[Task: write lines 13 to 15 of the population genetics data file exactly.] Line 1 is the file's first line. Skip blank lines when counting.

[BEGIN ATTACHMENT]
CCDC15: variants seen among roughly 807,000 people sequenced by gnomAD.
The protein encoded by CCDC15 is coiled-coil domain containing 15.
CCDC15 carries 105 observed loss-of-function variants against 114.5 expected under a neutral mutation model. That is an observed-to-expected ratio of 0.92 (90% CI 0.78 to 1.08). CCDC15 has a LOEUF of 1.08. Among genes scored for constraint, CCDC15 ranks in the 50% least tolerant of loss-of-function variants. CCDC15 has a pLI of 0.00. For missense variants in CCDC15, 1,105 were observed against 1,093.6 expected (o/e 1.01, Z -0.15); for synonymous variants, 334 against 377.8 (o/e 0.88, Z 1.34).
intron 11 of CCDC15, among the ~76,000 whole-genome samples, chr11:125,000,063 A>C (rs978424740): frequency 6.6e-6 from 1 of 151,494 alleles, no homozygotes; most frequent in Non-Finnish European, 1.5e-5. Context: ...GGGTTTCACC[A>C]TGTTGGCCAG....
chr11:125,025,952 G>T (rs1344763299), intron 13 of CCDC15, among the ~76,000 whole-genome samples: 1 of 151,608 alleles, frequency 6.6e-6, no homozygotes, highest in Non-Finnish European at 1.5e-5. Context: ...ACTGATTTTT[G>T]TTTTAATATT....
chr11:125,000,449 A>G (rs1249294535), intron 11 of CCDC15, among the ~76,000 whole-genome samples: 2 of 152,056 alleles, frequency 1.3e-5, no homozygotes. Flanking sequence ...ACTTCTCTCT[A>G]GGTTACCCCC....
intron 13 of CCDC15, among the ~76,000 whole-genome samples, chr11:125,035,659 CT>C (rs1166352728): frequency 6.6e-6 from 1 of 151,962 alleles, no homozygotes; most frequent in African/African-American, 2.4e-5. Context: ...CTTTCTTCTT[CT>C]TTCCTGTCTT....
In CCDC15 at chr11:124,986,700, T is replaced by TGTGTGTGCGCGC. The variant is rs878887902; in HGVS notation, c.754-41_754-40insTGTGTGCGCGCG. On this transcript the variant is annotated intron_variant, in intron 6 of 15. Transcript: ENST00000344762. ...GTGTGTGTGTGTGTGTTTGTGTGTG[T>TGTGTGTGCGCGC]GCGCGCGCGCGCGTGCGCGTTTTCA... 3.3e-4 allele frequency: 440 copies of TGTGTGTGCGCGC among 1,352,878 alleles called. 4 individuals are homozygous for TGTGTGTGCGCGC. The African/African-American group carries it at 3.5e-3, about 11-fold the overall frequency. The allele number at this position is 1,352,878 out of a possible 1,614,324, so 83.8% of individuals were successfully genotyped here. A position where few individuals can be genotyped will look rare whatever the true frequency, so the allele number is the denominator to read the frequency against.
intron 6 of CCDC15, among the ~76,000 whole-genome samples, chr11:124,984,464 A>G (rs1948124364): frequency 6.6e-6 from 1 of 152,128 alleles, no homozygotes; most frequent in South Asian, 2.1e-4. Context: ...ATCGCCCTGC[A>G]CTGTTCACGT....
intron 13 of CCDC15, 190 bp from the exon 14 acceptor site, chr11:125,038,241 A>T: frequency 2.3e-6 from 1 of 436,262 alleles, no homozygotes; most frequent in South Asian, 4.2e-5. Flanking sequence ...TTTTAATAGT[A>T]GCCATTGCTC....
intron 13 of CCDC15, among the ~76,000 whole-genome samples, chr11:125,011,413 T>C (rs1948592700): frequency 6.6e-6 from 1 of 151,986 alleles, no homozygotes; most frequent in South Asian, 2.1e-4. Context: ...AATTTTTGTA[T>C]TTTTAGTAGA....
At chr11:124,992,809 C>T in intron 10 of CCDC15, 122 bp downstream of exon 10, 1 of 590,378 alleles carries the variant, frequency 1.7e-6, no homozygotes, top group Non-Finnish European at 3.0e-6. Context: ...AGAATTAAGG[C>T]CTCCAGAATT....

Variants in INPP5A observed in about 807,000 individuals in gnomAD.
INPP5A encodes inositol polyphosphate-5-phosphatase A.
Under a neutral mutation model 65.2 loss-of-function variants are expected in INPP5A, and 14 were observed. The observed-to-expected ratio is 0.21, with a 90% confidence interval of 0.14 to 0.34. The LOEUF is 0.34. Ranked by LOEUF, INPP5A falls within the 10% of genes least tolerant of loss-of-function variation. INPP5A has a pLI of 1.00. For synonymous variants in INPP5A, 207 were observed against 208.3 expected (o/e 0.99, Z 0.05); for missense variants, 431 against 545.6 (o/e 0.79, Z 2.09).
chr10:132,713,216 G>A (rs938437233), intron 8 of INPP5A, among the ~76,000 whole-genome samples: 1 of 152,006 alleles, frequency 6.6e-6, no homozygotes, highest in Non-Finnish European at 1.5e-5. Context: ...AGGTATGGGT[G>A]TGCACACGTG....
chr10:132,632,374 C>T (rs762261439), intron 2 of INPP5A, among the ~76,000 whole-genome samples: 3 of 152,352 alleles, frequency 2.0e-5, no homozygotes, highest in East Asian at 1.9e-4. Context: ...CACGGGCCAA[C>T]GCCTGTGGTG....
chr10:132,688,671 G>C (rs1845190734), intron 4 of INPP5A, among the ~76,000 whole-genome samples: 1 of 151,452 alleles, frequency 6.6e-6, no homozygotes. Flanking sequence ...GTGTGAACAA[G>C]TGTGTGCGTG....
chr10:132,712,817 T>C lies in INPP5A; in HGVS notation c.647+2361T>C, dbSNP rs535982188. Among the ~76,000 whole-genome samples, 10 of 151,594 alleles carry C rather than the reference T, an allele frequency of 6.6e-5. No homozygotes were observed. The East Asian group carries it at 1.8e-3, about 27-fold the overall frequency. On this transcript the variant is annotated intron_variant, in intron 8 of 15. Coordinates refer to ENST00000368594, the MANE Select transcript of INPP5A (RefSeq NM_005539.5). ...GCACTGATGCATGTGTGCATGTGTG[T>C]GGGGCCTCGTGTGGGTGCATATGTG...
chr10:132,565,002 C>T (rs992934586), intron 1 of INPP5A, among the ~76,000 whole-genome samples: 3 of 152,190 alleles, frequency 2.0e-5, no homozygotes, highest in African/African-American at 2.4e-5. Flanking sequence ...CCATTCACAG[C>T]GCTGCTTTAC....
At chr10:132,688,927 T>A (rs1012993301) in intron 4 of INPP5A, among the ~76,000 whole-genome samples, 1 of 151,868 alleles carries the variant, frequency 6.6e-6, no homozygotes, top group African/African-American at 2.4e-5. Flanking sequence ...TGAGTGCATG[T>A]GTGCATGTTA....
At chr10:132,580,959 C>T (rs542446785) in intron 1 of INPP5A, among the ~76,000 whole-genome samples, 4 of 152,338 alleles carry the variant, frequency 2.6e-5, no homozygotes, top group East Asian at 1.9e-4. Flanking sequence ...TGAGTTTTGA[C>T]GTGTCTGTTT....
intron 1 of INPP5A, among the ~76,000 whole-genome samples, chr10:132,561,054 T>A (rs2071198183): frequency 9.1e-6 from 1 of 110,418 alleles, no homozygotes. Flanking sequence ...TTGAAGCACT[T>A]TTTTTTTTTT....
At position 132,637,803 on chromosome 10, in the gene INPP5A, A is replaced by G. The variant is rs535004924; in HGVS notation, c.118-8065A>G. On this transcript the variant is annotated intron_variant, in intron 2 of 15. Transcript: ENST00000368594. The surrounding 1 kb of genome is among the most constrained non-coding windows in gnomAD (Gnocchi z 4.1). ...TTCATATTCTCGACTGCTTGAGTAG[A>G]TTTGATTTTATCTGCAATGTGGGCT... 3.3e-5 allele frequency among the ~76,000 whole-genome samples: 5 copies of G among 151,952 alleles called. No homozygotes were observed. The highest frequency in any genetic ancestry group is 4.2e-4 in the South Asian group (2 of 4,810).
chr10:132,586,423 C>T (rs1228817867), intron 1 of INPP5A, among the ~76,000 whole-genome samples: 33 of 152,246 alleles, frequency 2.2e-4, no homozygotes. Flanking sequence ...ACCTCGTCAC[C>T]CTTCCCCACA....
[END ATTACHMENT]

Variants in INPP5A observed in about 807,000 individuals in gnomAD.
INPP5A encodes inositol polyphosphate-5-phosphatase A.
Under a neutral mutation model 65.2 loss-of-function variants are expected in INPP5A, and 14 were observed. The observed-to-expected ratio is 0.21, with a 90% confidence interval of 0.14 to 0.34. The LOEUF is 0.34. Ranked by LOEUF, INPP5A falls within the 10% of genes least tolerant of loss-of-function variation. INPP5A has a pLI of 1.00. For synonymous variants in INPP5A, 207 were observed against 208.3 expected (o/e 0.99, Z 0.05); for missense variants, 431 against 545.6 (o/e 0.79, Z 2.09).